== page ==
Eight creative ways to bust your stress

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by Vonda Skelton

According to researchers, depression, headaches, hypertension, heart disease, and even cancer have been linked to stress. Uncontrolled stress can increase our negativity and take over our lives, leaving little energy for family and friends.

You’ve probably already tried the usual techniques for relieving stress — taking care of your body, relaxation techniques, and simplifying your world. Here are eight strategies you may not have previously considered in your battle with the pressures of life.

1. Pursue your passion.

“Stress can’t be eliminated,” says psychologist and life coach, Georgia Shaffer. “There will always be times when we’re frustrated, overwhelmed, or ready to quit. But when we’re engaged with things we’re passionate about, we’ll experience the right kind of stress.”

She suggests asking yourself these questions to find your passion: What makes you unique? What do you care deeply about? What are your skills, talents, and natural strengths? Focusing your energies in areas that inspire you will lessen the stress in areas that don’t.

2. Laugh it off.

University of Maryland researchers report heart-healthy people tend to laugh more often and find humor in stressful circumstances. And although it’s not understood how laughter protects the heart, studies show heart attack patients who watched a funny video 30 minutes a day had fewer subsequent heart attacks than those who didn’t participate in humor therapy. So laugh and find the humor in stressful situations around you. Not only will you relieve your stress, but you just might live longer too.

3. Try livin’ on a prayer.

Research shows a correlation between people who pray and lower stress levels. Prayer has also been linked to better overall health and greater psychological well-being. Stacie Ruth Stoelting, founder of Bright Light Ministry in Iowa, says she finds the Psalms a useful prayer guide when she’s stressed. “Allow the Psalms to seep deep into your soul. Then, from your stressed-out spirit, pray them out loud. It’s a fantastic faith-booster and soothing stress-reliever.”

4. Do  a reality check.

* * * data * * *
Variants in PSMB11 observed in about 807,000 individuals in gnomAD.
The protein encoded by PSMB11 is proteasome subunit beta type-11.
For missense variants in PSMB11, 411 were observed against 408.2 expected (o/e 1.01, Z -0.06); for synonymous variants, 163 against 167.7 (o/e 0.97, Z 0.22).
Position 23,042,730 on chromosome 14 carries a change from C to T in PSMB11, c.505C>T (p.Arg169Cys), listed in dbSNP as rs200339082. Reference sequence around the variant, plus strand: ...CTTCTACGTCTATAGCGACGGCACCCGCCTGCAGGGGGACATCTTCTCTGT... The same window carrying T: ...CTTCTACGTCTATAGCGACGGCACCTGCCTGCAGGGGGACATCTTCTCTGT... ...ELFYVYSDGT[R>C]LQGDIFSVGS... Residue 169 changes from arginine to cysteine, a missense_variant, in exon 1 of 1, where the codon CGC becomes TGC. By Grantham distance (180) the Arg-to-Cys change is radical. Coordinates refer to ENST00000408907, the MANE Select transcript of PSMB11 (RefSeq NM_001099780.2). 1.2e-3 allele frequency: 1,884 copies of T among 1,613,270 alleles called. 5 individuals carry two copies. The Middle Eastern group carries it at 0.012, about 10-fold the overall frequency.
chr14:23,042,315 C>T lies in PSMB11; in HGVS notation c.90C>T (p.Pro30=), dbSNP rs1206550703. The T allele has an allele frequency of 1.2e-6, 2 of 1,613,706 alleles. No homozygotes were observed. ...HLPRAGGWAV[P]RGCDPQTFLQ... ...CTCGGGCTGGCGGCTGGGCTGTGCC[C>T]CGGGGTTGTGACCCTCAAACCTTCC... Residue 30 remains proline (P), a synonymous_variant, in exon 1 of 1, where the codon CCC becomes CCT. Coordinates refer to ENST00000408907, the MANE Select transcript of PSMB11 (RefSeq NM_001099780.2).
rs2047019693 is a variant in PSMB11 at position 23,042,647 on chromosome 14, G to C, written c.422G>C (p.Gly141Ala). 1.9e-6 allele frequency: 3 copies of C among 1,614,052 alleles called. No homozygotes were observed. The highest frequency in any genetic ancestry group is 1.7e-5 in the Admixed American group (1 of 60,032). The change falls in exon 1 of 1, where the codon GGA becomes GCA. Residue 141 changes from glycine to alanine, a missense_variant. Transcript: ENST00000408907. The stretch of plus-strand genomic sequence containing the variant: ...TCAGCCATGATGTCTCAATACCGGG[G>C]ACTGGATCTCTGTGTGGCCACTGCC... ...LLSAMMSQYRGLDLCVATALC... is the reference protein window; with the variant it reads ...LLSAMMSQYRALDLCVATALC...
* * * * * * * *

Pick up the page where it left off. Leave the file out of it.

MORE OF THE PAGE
Jill Rigby, single mom and director of The Community of Manners (www.thecommunityof manners.com) tries to think of the worst-case scenario when she feels pressured. “Fear and dread – twin sisters of stress – build anticipation of total disaster, which rarely happens,” she explains. “Yes, there may be a consequence if I don’t meet that deadline, but I realize it won’t ruin my life. No matter the situation, it’s rarely as devastating as I imagine it will be.” When Rigby prepares for the worst, she finds reality isn’t so bad.

5. Remember somebody’s watching.

Scott Keeler, a South Carolina newspaper copy editor, admits he has frustration with traffic. But it’s when he thinks about others that he keeps his cool. “When I’m stressed in the car, I look over at the sweet, smiling faces of my best friend’s children pictured on my dashboard, and I imagine them with me. Would I act this way if they were here? Does my response honor the Lord?” he asks. “Their picture also reminds me to slow down and take it easy, because they’ll need their cool Uncle Scott around while they’re growing up.”

6. Consider getting a pet.

Pets can be good for your health, according to the State University of New York at Buffalo. In a study of 48 stockbrokers, researchers found those with pets had dramatically reduced blood pressure due to stress levels. But take note: Companionship and unconditional love come with much responsibility. So before deciding to bring Fido home, be sure your schedule and temperament fit the pet-owning lifestyle. Otherwise, you’ll be adding stress instead of reducing it.

7. Make the mundane fun.

There will always be those tasks we don’t want to do. They’re stressful, so we put them off until our procrastination has stressed us out even more. But making those less-than-lovely tasks bearable makes a big difference. “Bill-paying time used to suck the energy out of me,” says North Carolina counselor and single mom, LaTonya Mason. “But now I make it as enjoyable as possible. The bills are stacked nicely in a pretty box, I play my favorite music, and make sure my kids are not around.”

8. Change your focus.

Focusing on the right things is a great way to relieve stress. “I have my clients give me the five-minute version of their problem. Focusing on the problem paralyzes them, but their energy soars when they’re working out solutions,” Mason says. She also encourages them to make a list of 25 things they’re thankful for. “This makes them stretch their minds to find the positives in life,” she explains.

Don’t let worry take the joy out of your day. By incorporating these strategies, you’ll not only be healthier and more productive, but your life will reflect peace and hope, rather than fear and anxiety. And that’s a reflection we all want to see.

Vonda Skelton is an author, women’s event speaker, and nurse.

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